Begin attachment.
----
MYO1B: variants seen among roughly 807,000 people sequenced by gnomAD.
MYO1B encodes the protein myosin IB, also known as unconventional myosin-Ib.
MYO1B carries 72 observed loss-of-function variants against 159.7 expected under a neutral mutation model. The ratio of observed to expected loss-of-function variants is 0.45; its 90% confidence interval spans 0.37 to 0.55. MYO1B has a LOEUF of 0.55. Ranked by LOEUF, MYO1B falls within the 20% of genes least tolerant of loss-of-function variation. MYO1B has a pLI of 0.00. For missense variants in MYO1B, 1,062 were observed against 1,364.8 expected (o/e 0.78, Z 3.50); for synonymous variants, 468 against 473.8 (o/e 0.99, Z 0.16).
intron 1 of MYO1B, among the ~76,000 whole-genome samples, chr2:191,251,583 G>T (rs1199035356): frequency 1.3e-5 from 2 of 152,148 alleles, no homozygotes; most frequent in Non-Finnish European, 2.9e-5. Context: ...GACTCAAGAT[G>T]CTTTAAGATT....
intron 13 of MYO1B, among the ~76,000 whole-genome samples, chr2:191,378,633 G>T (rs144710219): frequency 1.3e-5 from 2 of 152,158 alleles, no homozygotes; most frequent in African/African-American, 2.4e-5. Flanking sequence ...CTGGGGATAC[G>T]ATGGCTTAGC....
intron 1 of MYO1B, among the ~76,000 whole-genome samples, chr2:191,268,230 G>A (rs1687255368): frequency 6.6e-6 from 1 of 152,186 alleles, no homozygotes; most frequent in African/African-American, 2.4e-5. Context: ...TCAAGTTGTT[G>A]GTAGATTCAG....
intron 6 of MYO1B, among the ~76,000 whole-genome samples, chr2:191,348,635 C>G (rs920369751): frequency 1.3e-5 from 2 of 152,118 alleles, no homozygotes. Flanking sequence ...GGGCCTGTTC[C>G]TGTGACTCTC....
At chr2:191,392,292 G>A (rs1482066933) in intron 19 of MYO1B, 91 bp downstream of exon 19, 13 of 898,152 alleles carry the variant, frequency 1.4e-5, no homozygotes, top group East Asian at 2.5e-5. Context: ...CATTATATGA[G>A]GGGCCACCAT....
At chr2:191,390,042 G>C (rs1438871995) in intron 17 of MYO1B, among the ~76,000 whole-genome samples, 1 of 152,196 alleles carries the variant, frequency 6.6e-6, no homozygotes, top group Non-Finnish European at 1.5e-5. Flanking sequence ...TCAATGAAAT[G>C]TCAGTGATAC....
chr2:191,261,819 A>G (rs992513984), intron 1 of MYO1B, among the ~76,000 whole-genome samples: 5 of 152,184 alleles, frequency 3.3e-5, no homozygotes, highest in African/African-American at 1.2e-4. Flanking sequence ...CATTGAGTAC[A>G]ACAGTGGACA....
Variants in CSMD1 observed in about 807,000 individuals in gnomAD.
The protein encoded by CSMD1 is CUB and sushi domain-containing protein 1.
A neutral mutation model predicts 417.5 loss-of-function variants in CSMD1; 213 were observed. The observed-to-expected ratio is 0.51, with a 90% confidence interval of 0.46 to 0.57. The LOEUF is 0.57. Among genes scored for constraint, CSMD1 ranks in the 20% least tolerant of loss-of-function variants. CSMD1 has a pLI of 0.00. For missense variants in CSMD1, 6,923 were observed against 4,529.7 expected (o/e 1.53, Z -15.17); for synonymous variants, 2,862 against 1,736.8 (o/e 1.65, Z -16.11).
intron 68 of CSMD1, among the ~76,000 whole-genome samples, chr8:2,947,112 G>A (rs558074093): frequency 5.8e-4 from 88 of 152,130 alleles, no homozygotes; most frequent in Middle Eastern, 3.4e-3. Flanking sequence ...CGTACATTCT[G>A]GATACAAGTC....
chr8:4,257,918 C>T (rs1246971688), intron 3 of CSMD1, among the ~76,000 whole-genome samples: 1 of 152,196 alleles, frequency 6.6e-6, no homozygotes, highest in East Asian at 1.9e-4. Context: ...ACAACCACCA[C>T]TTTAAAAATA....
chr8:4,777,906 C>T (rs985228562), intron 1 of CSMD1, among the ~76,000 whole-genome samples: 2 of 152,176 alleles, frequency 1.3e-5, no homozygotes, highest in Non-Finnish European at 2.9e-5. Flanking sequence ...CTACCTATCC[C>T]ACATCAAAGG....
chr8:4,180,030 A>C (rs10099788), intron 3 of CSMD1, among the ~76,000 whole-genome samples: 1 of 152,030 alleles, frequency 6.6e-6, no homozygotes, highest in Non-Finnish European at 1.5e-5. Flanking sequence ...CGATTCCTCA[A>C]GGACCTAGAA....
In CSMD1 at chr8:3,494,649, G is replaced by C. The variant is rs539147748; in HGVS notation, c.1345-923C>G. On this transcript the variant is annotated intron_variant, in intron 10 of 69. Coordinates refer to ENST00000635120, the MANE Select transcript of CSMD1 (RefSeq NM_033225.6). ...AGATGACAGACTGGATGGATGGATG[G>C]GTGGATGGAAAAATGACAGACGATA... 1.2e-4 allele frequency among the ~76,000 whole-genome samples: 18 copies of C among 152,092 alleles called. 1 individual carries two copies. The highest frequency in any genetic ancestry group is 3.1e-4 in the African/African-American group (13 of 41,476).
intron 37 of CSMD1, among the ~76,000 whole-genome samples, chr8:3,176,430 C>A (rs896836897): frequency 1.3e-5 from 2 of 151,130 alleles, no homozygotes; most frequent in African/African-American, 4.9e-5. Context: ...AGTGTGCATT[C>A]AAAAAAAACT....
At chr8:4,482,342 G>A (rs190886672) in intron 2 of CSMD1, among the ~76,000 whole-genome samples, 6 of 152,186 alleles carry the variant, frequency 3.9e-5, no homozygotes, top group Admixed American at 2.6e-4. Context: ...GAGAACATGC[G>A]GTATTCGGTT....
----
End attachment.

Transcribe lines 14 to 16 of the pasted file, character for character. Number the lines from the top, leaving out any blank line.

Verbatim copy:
intron 68 of CSMD1, among the ~76,000 whole-genome samples, chr8:2,947,112 G>A (rs558074093): frequency 5.8e-4 from 88 of 152,130 alleles, no homozygotes; most frequent in Middle Eastern, 3.4e-3. Flanking sequence ...CGTACATTCT[G>A]GATACAAGTC....
chr8:4,257,918 C>T (rs1246971688), intron 3 of CSMD1, among the ~76,000 whole-genome samples: 1 of 152,196 alleles, frequency 6.6e-6, no homozygotes, highest in East Asian at 1.9e-4. Context: ...ACAACCACCA[C>T]TTTAAAAATA....
chr8:4,777,906 C>T (rs985228562), intron 1 of CSMD1, among the ~76,000 whole-genome samples: 2 of 152,176 alleles, frequency 1.3e-5, no homozygotes, highest in Non-Finnish European at 2.9e-5. Flanking sequence ...CTACCTATCC[C>T]ACATCAAAGG....